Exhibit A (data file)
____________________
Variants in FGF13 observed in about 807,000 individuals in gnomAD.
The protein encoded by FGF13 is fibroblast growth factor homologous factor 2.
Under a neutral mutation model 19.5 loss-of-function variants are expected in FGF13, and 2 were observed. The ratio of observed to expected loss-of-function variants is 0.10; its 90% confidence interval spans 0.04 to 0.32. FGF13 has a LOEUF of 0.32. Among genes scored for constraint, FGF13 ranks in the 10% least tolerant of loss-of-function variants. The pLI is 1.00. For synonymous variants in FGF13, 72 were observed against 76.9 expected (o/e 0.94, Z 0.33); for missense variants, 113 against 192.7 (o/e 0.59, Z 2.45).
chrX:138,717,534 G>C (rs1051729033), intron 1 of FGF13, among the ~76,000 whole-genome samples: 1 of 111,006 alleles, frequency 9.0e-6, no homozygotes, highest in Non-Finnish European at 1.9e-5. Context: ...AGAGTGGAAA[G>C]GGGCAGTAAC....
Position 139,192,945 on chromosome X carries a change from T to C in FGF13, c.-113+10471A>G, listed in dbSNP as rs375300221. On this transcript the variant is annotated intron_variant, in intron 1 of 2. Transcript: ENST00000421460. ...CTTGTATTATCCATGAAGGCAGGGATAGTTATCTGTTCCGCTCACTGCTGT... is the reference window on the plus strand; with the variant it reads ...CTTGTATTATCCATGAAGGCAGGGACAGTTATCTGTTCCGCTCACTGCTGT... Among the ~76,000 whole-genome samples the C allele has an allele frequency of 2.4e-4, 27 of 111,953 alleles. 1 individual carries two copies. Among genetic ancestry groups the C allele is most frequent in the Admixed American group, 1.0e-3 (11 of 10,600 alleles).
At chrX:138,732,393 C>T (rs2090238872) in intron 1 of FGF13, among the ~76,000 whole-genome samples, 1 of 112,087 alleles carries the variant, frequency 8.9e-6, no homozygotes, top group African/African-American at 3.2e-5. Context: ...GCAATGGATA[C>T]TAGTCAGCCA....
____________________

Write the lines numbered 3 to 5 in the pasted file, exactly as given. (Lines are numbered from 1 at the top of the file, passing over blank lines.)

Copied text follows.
Under a neutral mutation model 19.5 loss-of-function variants are expected in FGF13, and 2 were observed. The ratio of observed to expected loss-of-function variants is 0.10; its 90% confidence interval spans 0.04 to 0.32. FGF13 has a LOEUF of 0.32. Among genes scored for constraint, FGF13 ranks in the 10% least tolerant of loss-of-function variants. The pLI is 1.00. For synonymous variants in FGF13, 72 were observed against 76.9 expected (o/e 0.94, Z 0.33); for missense variants, 113 against 192.7 (o/e 0.59, Z 2.45).
chrX:138,717,534 G>C (rs1051729033), intron 1 of FGF13, among the ~76,000 whole-genome samples: 1 of 111,006 alleles, frequency 9.0e-6, no homozygotes, highest in Non-Finnish European at 1.9e-5. Context: ...AGAGTGGAAA[G>C]GGGCAGTAAC....
Position 139,192,945 on chromosome X carries a change from T to C in FGF13, c.-113+10471A>G, listed in dbSNP as rs375300221. On this transcript the variant is annotated intron_variant, in intron 1 of 2. Transcript: ENST00000421460. ...CTTGTATTATCCATGAAGGCAGGGATAGTTATCTGTTCCGCTCACTGCTGT... is the reference window on the plus strand; with the variant it reads ...CTTGTATTATCCATGAAGGCAGGGACAGTTATCTGTTCCGCTCACTGCTGT... Among the ~76,000 whole-genome samples the C allele has an allele frequency of 2.4e-4, 27 of 111,953 alleles. 1 individual carries two copies. Among genetic ancestry groups the C allele is most frequent in the Admixed American group, 1.0e-3 (11 of 10,600 alleles).